The Make a Wish Foundation gives children who have life-threatening conditions, aged 2 1/2 to 17, a chance to make one of their wishes come true.
While some aspects have been changed, i.e. hunting has now been restricted after protests, most children seek to meet and play with their sports favorites. For Benjamin Doyle, aged 16, his wish was to bowl with Sean Rash. Doyle had been a fan of Rash’s since he first came onto the PBA circuit. Benjamin is a brain cancer patient from Casper, Wyo.
The wish came true in Las Vegas during the USBC Masters at Sunset Station on Jan. 28, 2012. At Strike Zone Bowling Center, he met Sean Rash and then spent over an hour bowling with him.
This is not the first time that Sean Rash has given back to his fans. During the World Series of Bowling, he met with Danny McCarty, a 10-year-old with brittle bone disease. According to the PBA, Mr. Rash believes the opportunities are touching. “They battle through things that are life-threatening, but in reality, they’re human beings just like you and me, and that’s what matters most,” he said. I believe it is quotes like this from our PBA bowlers that show the incredible heart that they have. While not always in the public light as much as NBA and NFL players, they also aren’t the ones hitting the tabloids for domestic violence or DUI. They are just there, quietly earning their living bowling, and giving back to their communities.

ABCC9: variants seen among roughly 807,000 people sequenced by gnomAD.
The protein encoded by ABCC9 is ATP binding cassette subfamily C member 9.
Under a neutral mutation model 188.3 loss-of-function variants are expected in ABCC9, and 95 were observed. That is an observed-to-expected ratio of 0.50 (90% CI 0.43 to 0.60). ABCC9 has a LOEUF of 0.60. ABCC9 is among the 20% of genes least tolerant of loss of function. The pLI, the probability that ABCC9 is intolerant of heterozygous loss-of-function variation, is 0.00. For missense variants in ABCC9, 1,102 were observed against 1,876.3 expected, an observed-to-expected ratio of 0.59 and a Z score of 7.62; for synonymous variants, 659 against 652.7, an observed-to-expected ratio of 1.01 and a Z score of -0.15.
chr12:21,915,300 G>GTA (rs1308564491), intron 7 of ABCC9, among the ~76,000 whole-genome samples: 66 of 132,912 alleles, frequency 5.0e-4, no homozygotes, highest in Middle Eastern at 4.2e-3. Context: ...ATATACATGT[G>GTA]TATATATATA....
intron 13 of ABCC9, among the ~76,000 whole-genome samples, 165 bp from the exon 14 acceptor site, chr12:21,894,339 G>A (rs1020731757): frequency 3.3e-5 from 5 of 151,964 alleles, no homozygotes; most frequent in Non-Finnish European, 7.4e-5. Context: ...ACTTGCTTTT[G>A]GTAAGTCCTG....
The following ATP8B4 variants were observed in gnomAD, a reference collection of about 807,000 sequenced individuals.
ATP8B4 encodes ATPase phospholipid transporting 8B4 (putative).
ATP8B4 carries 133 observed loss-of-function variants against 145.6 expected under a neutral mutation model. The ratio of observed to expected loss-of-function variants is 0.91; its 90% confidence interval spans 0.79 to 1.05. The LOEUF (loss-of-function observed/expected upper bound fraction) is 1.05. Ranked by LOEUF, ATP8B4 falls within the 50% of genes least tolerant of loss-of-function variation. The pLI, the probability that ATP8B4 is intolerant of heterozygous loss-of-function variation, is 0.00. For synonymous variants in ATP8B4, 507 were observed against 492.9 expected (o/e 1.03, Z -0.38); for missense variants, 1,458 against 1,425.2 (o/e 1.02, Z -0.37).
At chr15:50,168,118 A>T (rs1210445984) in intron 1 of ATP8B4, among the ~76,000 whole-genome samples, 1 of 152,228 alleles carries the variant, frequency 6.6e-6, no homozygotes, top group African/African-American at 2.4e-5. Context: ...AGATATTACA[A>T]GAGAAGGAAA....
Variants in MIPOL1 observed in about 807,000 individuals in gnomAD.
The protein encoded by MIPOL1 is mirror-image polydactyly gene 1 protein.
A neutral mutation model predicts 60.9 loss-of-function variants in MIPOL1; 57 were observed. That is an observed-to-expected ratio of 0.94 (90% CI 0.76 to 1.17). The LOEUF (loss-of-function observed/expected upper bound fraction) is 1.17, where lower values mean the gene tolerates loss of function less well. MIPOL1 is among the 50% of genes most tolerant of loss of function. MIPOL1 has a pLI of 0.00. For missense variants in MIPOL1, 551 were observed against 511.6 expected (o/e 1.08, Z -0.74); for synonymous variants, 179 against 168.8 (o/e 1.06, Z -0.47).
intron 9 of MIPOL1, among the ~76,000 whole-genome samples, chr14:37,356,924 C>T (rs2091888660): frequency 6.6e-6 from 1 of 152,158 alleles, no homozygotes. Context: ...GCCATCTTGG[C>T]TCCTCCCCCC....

Doyle is not just a fan of bowling; he’s quite the bowler himself. A 10th grader, he plays on his youth league where he carries a 208 average. Not only did Sean Rash bowl with him, he gave him tips and tricks on ways to improve his game. The lessons Rash gave must have really been good ones, as Doyle came back after the lessons bowling six strikes in a row. Rash worked with him on his follow-through and his balance. The experience and tips provided are something the Benjamin Doyle will be able to keep and adhere to, improving his youth-league scoring. I’m in awe of how someone with such a harsh and debilitating disease can overcome his disability to have such a good average.
The PBA tour is often on the Make a Wish Foundation’s list of wishes. Earlier granted wishes have included 13-time PBA Champion Chris Barnes bowling and giving a lesson to David Richards Jr., a 6-year-old with Brachioplexus and Acute Lymphatic Leukemia. Another granted wish saw Walter Ray Williams Jr. bowling with Eric Mandzuch, a 15-year-old with eye cancer. Mandzuch held his own in that match, barely losing to Williams in a 608-531 three game match.
I will continue to support the sport of bowling, and it is through these community activities that make me proud to share the sport with truly great-hearted athletes.
Tina Samuels has been bowling for years, and now supplements her time on the lanes with some wicked Wii Sports bowling. Her average in Wii bowling far exceeds her real life average.